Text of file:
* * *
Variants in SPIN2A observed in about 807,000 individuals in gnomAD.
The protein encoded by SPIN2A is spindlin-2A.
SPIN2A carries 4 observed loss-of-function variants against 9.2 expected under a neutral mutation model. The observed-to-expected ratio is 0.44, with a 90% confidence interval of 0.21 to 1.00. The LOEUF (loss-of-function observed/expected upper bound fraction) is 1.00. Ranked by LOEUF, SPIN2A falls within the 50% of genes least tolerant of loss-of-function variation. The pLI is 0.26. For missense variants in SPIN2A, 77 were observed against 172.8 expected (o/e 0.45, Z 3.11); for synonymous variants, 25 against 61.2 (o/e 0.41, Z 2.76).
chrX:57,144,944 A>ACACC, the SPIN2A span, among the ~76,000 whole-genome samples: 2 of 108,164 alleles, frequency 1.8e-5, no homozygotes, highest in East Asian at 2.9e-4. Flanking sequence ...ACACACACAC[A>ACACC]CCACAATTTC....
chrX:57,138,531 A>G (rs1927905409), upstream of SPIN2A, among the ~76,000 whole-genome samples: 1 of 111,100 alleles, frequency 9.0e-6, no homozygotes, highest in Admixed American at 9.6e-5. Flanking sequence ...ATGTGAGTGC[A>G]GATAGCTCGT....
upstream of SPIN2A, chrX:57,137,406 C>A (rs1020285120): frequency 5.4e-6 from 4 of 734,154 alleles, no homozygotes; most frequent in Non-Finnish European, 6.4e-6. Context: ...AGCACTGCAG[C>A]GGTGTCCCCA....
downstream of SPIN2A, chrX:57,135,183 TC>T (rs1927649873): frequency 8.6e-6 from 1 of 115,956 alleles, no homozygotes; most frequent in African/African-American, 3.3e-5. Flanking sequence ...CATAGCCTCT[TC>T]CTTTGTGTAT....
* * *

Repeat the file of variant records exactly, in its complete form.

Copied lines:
Variants in SPIN2A observed in about 807,000 individuals in gnomAD.
The protein encoded by SPIN2A is spindlin-2A.
SPIN2A carries 4 observed loss-of-function variants against 9.2 expected under a neutral mutation model. The observed-to-expected ratio is 0.44, with a 90% confidence interval of 0.21 to 1.00. The LOEUF (loss-of-function observed/expected upper bound fraction) is 1.00. Ranked by LOEUF, SPIN2A falls within the 50% of genes least tolerant of loss-of-function variation. The pLI is 0.26. For missense variants in SPIN2A, 77 were observed against 172.8 expected (o/e 0.45, Z 3.11); for synonymous variants, 25 against 61.2 (o/e 0.41, Z 2.76).
chrX:57,144,944 A>ACACC, the SPIN2A span, among the ~76,000 whole-genome samples: 2 of 108,164 alleles, frequency 1.8e-5, no homozygotes, highest in East Asian at 2.9e-4. Flanking sequence ...ACACACACAC[A>ACACC]CCACAATTTC....
chrX:57,138,531 A>G (rs1927905409), upstream of SPIN2A, among the ~76,000 whole-genome samples: 1 of 111,100 alleles, frequency 9.0e-6, no homozygotes, highest in Admixed American at 9.6e-5. Flanking sequence ...ATGTGAGTGC[A>G]GATAGCTCGT....
upstream of SPIN2A, chrX:57,137,406 C>A (rs1020285120): frequency 5.4e-6 from 4 of 734,154 alleles, no homozygotes; most frequent in Non-Finnish European, 6.4e-6. Context: ...AGCACTGCAG[C>A]GGTGTCCCCA....
downstream of SPIN2A, chrX:57,135,183 TC>T (rs1927649873): frequency 8.6e-6 from 1 of 115,956 alleles, no homozygotes; most frequent in African/African-American, 3.3e-5. Flanking sequence ...CATAGCCTCT[TC>T]CTTTGTGTAT....